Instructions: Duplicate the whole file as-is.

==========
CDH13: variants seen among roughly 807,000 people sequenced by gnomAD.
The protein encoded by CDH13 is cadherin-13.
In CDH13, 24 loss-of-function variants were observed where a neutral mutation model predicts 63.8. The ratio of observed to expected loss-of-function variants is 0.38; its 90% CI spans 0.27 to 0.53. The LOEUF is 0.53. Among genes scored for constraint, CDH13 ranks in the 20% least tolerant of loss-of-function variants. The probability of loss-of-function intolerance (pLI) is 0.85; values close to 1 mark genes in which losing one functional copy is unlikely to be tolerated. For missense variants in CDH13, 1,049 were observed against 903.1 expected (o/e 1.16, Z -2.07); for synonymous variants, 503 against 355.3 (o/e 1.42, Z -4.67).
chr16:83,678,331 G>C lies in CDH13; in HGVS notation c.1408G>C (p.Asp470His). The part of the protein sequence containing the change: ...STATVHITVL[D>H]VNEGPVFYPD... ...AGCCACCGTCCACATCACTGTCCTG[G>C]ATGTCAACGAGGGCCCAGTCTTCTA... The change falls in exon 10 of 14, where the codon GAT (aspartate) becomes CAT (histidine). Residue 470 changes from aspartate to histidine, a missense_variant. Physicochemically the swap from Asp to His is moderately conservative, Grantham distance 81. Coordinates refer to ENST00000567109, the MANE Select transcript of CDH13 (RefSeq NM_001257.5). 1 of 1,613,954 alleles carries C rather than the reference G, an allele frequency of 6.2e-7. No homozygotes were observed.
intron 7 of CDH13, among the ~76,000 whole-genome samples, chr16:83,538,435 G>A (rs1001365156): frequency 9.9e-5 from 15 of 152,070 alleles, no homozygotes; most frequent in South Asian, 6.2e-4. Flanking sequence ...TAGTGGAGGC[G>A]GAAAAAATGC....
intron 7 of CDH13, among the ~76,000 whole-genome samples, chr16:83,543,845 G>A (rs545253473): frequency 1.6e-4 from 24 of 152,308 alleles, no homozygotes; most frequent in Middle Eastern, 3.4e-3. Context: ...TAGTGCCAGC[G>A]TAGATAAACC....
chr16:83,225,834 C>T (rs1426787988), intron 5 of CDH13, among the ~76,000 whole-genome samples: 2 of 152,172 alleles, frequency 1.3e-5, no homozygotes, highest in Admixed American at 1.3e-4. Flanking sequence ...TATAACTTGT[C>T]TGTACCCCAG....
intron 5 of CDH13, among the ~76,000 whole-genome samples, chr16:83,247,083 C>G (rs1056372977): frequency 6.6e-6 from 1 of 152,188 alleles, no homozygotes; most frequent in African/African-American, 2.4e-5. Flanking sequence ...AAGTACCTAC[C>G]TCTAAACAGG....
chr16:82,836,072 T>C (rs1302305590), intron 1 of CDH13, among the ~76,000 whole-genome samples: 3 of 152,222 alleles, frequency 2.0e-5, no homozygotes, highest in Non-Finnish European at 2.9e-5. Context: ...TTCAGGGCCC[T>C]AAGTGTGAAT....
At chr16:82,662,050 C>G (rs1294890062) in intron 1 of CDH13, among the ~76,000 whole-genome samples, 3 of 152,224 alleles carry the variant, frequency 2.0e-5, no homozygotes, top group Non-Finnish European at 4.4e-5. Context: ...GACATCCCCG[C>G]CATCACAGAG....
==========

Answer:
CDH13: variants seen among roughly 807,000 people sequenced by gnomAD.
The protein encoded by CDH13 is cadherin-13.
In CDH13, 24 loss-of-function variants were observed where a neutral mutation model predicts 63.8. The ratio of observed to expected loss-of-function variants is 0.38; its 90% CI spans 0.27 to 0.53. The LOEUF is 0.53. Among genes scored for constraint, CDH13 ranks in the 20% least tolerant of loss-of-function variants. The probability of loss-of-function intolerance (pLI) is 0.85; values close to 1 mark genes in which losing one functional copy is unlikely to be tolerated. For missense variants in CDH13, 1,049 were observed against 903.1 expected (o/e 1.16, Z -2.07); for synonymous variants, 503 against 355.3 (o/e 1.42, Z -4.67).
chr16:83,678,331 G>C lies in CDH13; in HGVS notation c.1408G>C (p.Asp470His). The part of the protein sequence containing the change: ...STATVHITVL[D>H]VNEGPVFYPD... ...AGCCACCGTCCACATCACTGTCCTG[G>C]ATGTCAACGAGGGCCCAGTCTTCTA... The change falls in exon 10 of 14, where the codon GAT (aspartate) becomes CAT (histidine). Residue 470 changes from aspartate to histidine, a missense_variant. Physicochemically the swap from Asp to His is moderately conservative, Grantham distance 81. Coordinates refer to ENST00000567109, the MANE Select transcript of CDH13 (RefSeq NM_001257.5). 1 of 1,613,954 alleles carries C rather than the reference G, an allele frequency of 6.2e-7. No homozygotes were observed.
intron 7 of CDH13, among the ~76,000 whole-genome samples, chr16:83,538,435 G>A (rs1001365156): frequency 9.9e-5 from 15 of 152,070 alleles, no homozygotes; most frequent in South Asian, 6.2e-4. Flanking sequence ...TAGTGGAGGC[G>A]GAAAAAATGC....
intron 7 of CDH13, among the ~76,000 whole-genome samples, chr16:83,543,845 G>A (rs545253473): frequency 1.6e-4 from 24 of 152,308 alleles, no homozygotes; most frequent in Middle Eastern, 3.4e-3. Context: ...TAGTGCCAGC[G>A]TAGATAAACC....
chr16:83,225,834 C>T (rs1426787988), intron 5 of CDH13, among the ~76,000 whole-genome samples: 2 of 152,172 alleles, frequency 1.3e-5, no homozygotes, highest in Admixed American at 1.3e-4. Flanking sequence ...TATAACTTGT[C>T]TGTACCCCAG....
intron 5 of CDH13, among the ~76,000 whole-genome samples, chr16:83,247,083 C>G (rs1056372977): frequency 6.6e-6 from 1 of 152,188 alleles, no homozygotes; most frequent in African/African-American, 2.4e-5. Flanking sequence ...AAGTACCTAC[C>G]TCTAAACAGG....
chr16:82,836,072 T>C (rs1302305590), intron 1 of CDH13, among the ~76,000 whole-genome samples: 3 of 152,222 alleles, frequency 2.0e-5, no homozygotes, highest in Non-Finnish European at 2.9e-5. Context: ...TTCAGGGCCC[T>C]AAGTGTGAAT....
At chr16:82,662,050 C>G (rs1294890062) in intron 1 of CDH13, among the ~76,000 whole-genome samples, 3 of 152,224 alleles carry the variant, frequency 2.0e-5, no homozygotes, top group Non-Finnish European at 4.4e-5. Context: ...GACATCCCCG[C>G]CATCACAGAG....